Chronic Wasting Disease Confirmed in Cody-Adjacent Hunt Area

Chronic Wasting Disease Confirmed in Cody-Adjacent Hunt Area

Written by on February 3, 2021

The dangerous disease has been found in a hunt area northwest of Cody, an unfortunate but not unexpected development given its spread across the Bighorn Basin.

The Wyoming Department of Game and Fish has confirmed that chronic wasting disease is present in yet another Bighorn Basin region – Hunt Area 109, northwest of Cody.

Deer Hunt Area 109 runs from Cody along WY Highway 120 ending a few miles southeast of Clark. Its boundaries include Rattlesnake Mountain, Pat O’Hara Mountain, and Creek, and the portion of the Chief Joseph Highway leading up to Dead Indian Hill and the Clarks Fork Canyon.

Wyoming Deer Hunt Area 109

Courtesy WY Game and Fish CWD Interactive Map

The positive sample was collected from a white-tailed deer buck in Area 109. The buck was found dead and had been in a poor condition before it died.

Chronic wasting disease (CWD) is a chronic, fatal disease of the central nervous system in mule deer, white-tailed deer, elk, and moose. Affected animals show progressive weight loss, reluctance to move, excessive salivation, droopy ears, increased drinking and urinating, lethargy, and eventually – and inevitably – death.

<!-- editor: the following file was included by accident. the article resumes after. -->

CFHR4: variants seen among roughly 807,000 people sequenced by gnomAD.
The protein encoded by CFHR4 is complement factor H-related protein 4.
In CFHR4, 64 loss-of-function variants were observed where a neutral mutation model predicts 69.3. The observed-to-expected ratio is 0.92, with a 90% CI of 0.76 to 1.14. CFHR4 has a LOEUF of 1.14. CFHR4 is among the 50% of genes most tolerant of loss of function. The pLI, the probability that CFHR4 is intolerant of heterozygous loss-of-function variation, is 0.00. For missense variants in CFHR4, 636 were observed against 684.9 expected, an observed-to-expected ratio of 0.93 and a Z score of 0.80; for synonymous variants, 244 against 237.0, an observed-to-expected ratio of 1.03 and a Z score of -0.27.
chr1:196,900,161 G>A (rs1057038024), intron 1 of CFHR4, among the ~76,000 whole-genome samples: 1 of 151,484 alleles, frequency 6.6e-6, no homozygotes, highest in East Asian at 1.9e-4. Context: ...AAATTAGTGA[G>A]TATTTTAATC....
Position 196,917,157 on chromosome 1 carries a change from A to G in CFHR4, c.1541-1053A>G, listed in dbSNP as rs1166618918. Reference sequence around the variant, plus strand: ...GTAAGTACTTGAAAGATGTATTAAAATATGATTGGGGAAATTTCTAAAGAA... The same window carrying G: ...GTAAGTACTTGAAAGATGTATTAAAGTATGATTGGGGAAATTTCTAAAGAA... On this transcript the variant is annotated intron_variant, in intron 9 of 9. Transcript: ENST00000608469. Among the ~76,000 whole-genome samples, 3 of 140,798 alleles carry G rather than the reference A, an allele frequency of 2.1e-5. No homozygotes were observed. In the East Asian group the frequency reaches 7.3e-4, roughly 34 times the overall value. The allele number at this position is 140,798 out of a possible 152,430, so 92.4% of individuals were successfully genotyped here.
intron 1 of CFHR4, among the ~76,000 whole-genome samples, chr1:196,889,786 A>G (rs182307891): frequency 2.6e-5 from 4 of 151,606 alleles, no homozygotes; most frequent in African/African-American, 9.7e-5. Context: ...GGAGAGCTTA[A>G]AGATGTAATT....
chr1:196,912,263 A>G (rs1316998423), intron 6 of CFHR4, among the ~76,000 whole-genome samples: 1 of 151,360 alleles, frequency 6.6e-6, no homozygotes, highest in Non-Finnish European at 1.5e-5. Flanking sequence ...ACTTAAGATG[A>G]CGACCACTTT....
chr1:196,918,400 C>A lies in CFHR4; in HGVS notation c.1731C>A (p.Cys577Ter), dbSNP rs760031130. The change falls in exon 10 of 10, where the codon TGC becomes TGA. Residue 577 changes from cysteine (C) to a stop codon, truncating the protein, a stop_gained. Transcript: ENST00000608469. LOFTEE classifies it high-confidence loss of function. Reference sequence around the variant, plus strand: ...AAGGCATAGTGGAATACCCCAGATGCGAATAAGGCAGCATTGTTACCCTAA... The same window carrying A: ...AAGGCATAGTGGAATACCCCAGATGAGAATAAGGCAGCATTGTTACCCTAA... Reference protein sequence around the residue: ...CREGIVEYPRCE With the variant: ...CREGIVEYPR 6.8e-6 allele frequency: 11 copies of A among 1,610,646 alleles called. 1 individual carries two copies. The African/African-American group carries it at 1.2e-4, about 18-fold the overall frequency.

While this is an unfortunate development, it isn’t a surprising one. Hunt Area 109 is almost entirely surrounded by other areas where CWD has already been confirmed in mule and white-tailed deer. It’s even been found in the mule deer herd that lives within the City of Cody.

With this discovery, CWD has been confirmed in nearly every hunt area in the Bighorn Basin, including those sharing a direct border with Yellowstone National Park.

The only two hunt areas that have yet to confirm the disease are H.A. 106 – the northwest portion of Shoshone National Forest – and H.A. 53, which cuts into the Bighorn National Recreation Area at the Montana border.

Game and Fish announces when CWD is found in a new hunt area so hunters are aware of the potential danger.  Although there is no evidence of CWD being transmitted from deer to people, the Centers for Disease Control recommends hunters do not consume any animal that is obviously ill or tests positive for the disease.

Despite the pandemic, Game and Fish personnel are continuing to collect samples and track the spread of CWD. In 2020, over 6,300 CWD samples were collected in the ongoing attempt to manage the disease’s spread.

Hunter cooperation remains a valuable tool in the effort to understand and contain chronic wasting disease.

Wyoming Game and Fish officials implore hunters to continue bringing in their harvest deer, elk, and moose for testing as sampling stations and observe the proper handling protocols when transporting and processing their trophies.

Find out more about the disease and the proper procedures on the Wyoming Game and Fish Chronic Wasting Disease webpage.


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